Speeding Up Clean Ammonia in Shipping

The transition towards clean fuels in the shipping industry needs to increase for it to play a role in meeting global climate targets.
Photo: Venti Views, Unsplash

For a speedy transition, partnerships are key.

The energy transition in shipping is driven by the climate crisis. The shipping industry is a core part of global supply chains but the market for refuelling ships is still dominated by fossil fuels, making emissions from this sector a challenge for decarbonisation.

The transition towards clean fuels in the shipping industry needs to increase for it to play a role in meeting global climate targets and to act as a catalyst for decarbonisation in other sectors, for example in the realm of technology development and hydrogen and renewable energy markets. The demand for clean fuels such as clean ammonia will support the investment required to increase their scale of production, which will also encourage investment in the mid- and down-stream legs of the supply chain – which is fundamental to achieve the transition.

Today, Yara Clean Ammonia (YCA), a company capitalising on the existing global network of assets and customers of Yara International, is working to decarbonise its ammonia production plants as well as grow and build midstream and downstream operations to deliver clean ammonia to ships.

Ammonia Barge Design. Image: Azane Fuel Solutions

Value chain partnerships:

The energy transition involves partnerships on the supply and the demand side. Producers and distributors like YCA will be involved in both.

On the supply side, the current shipping industry’s global refuelling business is fragmented. The transition will involve partnerships to reduce the large risk profile of these investments and seek efficiencies in the supply chain driven by cost considerations and factors such as safety, technology, and business strategy considerations. An example is the Azane Bunkering Solution recently launched in Norway.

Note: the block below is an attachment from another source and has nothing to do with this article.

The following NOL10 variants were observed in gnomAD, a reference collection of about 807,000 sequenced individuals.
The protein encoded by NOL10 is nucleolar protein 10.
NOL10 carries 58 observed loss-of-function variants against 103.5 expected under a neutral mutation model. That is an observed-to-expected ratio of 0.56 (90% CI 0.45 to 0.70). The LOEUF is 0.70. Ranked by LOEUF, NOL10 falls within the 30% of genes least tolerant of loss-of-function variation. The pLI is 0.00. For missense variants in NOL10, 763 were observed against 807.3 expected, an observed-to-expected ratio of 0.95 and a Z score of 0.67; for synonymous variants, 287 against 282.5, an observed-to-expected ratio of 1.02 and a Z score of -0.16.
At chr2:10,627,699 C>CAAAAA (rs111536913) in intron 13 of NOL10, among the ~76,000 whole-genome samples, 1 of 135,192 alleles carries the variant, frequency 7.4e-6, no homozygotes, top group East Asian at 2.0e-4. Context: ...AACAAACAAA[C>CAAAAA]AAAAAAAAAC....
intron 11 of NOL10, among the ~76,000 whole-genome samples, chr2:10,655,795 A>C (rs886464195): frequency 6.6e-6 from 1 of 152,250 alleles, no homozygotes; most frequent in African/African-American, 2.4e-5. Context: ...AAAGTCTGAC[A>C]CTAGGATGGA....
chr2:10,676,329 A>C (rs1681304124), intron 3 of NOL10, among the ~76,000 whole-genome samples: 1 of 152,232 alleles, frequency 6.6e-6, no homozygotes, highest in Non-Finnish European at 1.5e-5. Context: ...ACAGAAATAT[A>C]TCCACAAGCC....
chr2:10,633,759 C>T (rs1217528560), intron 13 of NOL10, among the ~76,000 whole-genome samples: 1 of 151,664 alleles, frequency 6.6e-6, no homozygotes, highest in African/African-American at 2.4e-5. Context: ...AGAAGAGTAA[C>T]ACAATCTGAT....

On the demand side, joint studies and collaborations with charterers and ship owners are fundamental to increase knowledge and the understanding of ammonia, its characteristics and risks, what it involves from a handling perspective to increase confidence that the fuel can be made available when and where it is needed. This can be achieved via joint initiatives but must also be the objective of ongoing business discussions. YCA is doing this by sharing information with stakeholders on activities related to its trade and shipping operations, for example.

Yara Kara, ammonia tanker. Photo: Yara Clean Ammonia

Creating an enabling environment:

Partnerships between private sector players pursuing investments in the clean ammonia space are fundamental, yet these entities are faced with the same core challenge of uncertainties in demand. This barrier will be reduced to a great extent when the price of clean fuel and costs of operating ammonia-propelled ships compete with the price of fossil fuels.

As argued by the 2021 Green Ammonia Volumes analysis report published by Maritime Clean Tech and DNV, scenarios where this can be mitigated and reduced include policies and incentives. For example, blue ammonia with high capture rates (90%+) is considered a good alternative since it is expected to be cost competitive with grey ammonia with CO2-taxation between 2030-2035. Green ammonia, which has high capex costs as well as technology efficiency issues and faces competition for renewable electricity in grid-connected locations, will require support in the first years. However, this will change in the longer term as total plant capex comes down and efficiencies and load factors increase as the industry develops but will take time to become cost competitive without subsidies.

YCA and others are pushing to develop the market for ammonia as a clean fuel for the shipping industry by combining lessons-learned with forward-looking initiatives and partnerships to develop new solutions for the sector.

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